Sign in to follow this  
Followers 0
Goddaz

THIS MAY HAVE HELPED THE LIKES OF SHORTBOY BANG UR CELL DOOR

12 posts in this topic

Theresa-May-is-considerin-007.jpg

Theresa May is considering emergency legislation after senior police officers warned of the impact of a high court 'detention clock' ruling.

The home secretary, Theresa May, is considering whether emergency legislation to stem growing concern among senior police officers over their ability to hold suspects is needed in the wake of a court ruling.

The ruling – made by a district judge at Salford magistrates court and backed by the high court on 19 May – could spell the end of the practice of releasing suspects on police bail and calling them back for further questioning, a common practice in most major police investigations.

On Wednesday, the West Yorkshire chief constable, Sir Norman Bettison, warned that the high court ruling on the "detention clock" was close to "a disaster" for custody sergeants, who face the prospect of having to release thousands of serious criminals without charge.

"We are running around like headless chickens wondering what this means to the nature of justice," Bettison said. "It's a mess."

At a policing conference, May told Bettison she was also greatly concerned about the decision and was working with the Association of Chief Police Officers and the Crown Prosecution Service on its ramifications for police forces across England and Wales.

"There may be an opportunity to appeal this decision," she said. "We are also looking at whether or not it's necessary to introduce legislation in order to deal with this issue. We are conscious of the concerns this judgment has brought in terms of operational policing."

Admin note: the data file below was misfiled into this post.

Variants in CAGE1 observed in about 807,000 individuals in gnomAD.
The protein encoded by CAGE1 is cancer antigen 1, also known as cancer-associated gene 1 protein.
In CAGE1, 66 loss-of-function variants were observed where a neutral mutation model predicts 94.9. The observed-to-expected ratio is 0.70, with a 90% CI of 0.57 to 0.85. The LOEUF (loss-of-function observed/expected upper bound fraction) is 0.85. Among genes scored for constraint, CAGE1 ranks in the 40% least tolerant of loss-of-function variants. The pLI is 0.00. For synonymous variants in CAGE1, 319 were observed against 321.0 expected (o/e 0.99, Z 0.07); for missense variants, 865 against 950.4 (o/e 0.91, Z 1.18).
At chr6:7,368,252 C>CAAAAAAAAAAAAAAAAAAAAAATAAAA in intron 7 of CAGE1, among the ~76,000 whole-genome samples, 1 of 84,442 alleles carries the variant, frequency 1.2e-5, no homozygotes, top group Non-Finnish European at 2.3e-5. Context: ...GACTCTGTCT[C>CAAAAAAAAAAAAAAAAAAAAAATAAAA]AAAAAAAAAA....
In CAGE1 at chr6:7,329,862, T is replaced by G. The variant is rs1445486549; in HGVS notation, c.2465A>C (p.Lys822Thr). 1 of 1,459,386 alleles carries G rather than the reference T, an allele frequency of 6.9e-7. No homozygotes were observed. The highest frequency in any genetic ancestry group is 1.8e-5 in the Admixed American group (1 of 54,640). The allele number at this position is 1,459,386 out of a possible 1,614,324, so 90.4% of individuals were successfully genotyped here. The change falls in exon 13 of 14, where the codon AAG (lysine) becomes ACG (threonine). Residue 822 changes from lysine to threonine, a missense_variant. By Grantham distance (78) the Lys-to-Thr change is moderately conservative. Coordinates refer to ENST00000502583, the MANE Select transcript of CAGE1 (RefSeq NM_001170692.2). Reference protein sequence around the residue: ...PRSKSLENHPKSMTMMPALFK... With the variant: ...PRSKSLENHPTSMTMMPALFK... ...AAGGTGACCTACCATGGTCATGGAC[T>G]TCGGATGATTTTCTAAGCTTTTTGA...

The ruling concerned the case of Paul Hookaway, a murder suspect who was released by the Salford district judge when police applied for an extension under section 44 of the Police and Criminal Evidence Act after the original 24 hours they are allowed to hold someone for questioning. Extensions up to a total of 96 hours are allowed.

The district judge broke new ground in ruling, for the first time in the history of the Police and Criminal Evidence Act, that the detention clock continues to run while the suspect is out on police bail.

Hookaway was first arrested at 12.40pm on 7 November last year. A superintendent granted permission for him to be detained for up to 36 hours for questioning, but he was released on bail after about 28 hours.

Five months later, on 5 April, police applied to the courts to extend the period of detention from 36 hours to the maximum 96.

But the district judge refused the application, saying the 96 hours had expired months before.

Greater Manchester police applied to the high court for a judicial review of the case, but Mr Justice McCombe upheld the district judge's decision on 19 May and refused leave to appeal.

The force is now seeking leave to appeal to the supreme court.

Bettison said that unless the ruling was overturned, police could no longer put anyone out on bail for more than 96 hours without either being in a position to charge or release.

"It's on the verge of a disaster now, because the question being asked by my custody sergeants is: 'What do we do, boss?'" he said. "I cannot countenance turning people away from the charge office and telling them all bets are off and they are free to go."

Professor Michael Zander, of the London School of Economics, recently said the decision was unfortunate and, if it was not quickly overturned on appeal, would need to be speedily reversed by legislation.

In a Criminal Justice article, he said that when the original Police and Criminal Evidence Act was passed, the then home secretary, Douglas Hurd, intended to protect suspects from being held for more than 96 hours without impeding police investigations.

He said it was not designed to enable a game of "cat and mouse" tactics to be played by the police.

/

:lol: @ the way this judge has single handedly got parts of the UK's justice system in chaos & simultaneously got the Con Dem running round trying to draft an emergency legislation to fix this loop hole should it be upheld a second time.

0

Share this post


Link to post
Share on other sites

Summary plz?

0

Share this post


Link to post
Share on other sites